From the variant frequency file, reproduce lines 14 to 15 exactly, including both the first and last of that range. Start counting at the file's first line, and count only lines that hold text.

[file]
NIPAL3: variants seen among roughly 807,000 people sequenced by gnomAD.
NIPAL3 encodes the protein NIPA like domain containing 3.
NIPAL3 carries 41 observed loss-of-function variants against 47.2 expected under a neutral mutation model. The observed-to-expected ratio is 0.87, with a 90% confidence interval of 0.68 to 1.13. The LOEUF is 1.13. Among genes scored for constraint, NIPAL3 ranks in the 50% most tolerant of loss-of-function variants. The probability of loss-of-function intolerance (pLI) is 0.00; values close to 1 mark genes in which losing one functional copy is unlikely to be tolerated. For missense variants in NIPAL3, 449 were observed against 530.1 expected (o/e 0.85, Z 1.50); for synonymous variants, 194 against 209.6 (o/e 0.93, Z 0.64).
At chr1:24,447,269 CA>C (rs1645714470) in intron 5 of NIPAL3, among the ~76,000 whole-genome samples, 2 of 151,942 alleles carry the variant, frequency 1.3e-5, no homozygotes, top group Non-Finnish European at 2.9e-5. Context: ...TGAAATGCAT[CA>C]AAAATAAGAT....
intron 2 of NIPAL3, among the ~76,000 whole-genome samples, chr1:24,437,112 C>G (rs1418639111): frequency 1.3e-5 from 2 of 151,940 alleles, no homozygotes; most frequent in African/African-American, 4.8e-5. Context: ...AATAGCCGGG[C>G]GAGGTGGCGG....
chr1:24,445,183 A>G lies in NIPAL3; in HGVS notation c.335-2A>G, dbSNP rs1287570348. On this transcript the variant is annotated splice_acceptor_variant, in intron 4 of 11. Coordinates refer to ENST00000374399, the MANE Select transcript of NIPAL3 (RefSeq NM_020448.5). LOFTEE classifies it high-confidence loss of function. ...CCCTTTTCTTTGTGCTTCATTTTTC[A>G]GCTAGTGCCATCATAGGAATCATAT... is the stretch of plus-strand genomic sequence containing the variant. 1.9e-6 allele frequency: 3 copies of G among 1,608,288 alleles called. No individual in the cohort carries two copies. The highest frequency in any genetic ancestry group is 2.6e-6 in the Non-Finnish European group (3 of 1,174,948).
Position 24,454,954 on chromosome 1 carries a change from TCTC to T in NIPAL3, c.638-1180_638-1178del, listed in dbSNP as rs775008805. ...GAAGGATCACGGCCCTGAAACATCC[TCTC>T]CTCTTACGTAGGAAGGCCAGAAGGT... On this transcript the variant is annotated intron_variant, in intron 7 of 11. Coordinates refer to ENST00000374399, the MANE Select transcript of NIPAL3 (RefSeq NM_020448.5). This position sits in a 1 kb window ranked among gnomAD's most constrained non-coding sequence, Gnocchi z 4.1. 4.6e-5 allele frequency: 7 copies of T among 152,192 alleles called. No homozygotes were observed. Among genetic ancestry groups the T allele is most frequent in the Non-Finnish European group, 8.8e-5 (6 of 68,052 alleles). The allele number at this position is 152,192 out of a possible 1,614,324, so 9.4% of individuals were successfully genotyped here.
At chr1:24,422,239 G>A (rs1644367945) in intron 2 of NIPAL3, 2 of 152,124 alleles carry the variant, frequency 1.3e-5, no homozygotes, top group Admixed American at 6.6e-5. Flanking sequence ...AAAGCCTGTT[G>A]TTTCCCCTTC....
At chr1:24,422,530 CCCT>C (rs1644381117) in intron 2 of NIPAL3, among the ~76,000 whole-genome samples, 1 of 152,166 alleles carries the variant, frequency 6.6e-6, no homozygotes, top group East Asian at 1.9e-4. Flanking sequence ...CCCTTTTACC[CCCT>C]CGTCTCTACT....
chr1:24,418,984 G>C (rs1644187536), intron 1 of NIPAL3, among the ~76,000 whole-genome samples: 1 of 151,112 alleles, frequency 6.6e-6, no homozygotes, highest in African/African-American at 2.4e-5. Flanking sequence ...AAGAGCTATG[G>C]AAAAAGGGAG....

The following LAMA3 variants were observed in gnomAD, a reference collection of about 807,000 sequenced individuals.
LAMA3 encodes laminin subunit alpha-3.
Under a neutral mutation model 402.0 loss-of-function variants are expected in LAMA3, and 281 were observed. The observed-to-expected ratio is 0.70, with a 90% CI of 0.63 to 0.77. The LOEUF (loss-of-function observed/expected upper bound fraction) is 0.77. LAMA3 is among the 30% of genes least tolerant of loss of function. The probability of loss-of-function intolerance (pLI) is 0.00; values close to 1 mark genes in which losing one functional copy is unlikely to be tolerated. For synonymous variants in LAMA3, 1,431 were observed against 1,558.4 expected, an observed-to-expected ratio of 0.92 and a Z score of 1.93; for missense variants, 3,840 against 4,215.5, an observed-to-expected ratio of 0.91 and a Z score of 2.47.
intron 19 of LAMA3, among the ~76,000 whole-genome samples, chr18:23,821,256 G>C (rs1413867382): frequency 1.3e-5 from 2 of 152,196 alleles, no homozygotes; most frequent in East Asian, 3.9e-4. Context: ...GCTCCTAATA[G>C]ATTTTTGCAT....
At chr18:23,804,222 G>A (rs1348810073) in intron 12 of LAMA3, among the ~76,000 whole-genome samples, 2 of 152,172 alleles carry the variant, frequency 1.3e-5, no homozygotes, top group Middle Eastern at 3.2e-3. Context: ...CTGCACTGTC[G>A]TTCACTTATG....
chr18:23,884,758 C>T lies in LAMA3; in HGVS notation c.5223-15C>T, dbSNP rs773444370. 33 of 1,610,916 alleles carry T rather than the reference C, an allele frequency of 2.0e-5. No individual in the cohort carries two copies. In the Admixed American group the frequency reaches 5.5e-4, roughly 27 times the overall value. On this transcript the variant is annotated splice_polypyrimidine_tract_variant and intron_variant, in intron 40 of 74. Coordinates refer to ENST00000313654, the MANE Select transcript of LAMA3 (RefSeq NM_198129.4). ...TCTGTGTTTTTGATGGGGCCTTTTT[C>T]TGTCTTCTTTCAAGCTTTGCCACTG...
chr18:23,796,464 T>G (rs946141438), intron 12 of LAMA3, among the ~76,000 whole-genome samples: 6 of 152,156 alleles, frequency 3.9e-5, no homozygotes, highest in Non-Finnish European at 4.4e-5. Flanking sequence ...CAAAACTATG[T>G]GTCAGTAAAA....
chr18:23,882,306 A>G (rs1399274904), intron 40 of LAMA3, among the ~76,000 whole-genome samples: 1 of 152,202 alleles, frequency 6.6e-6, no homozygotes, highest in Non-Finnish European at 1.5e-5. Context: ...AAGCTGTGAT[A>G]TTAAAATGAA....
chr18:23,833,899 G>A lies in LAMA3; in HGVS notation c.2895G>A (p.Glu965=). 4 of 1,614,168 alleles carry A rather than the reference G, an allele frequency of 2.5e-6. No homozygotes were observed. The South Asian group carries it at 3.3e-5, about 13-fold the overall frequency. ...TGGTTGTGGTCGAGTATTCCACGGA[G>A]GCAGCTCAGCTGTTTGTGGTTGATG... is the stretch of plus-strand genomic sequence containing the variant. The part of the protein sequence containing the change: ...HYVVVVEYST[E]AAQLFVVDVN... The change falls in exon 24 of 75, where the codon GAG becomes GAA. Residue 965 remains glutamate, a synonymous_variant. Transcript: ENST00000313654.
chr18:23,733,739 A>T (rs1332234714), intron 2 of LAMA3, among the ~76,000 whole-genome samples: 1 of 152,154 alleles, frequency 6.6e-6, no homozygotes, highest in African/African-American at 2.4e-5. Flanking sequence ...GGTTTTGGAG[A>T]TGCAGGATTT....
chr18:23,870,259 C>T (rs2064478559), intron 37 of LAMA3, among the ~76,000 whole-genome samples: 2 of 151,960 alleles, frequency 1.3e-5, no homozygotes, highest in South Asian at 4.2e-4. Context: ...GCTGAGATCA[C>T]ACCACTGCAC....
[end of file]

intron 19 of LAMA3, among the ~76,000 whole-genome samples, chr18:23,821,256 G>C (rs1413867382): frequency 1.3e-5 from 2 of 152,196 alleles, no homozygotes; most frequent in East Asian, 3.9e-4. Context: ...GCTCCTAATA[G>C]ATTTTTGCAT....
At chr18:23,804,222 G>A (rs1348810073) in intron 12 of LAMA3, among the ~76,000 whole-genome samples, 2 of 152,172 alleles carry the variant, frequency 1.3e-5, no homozygotes, top group Middle Eastern at 3.2e-3. Context: ...CTGCACTGTC[G>A]TTCACTTATG....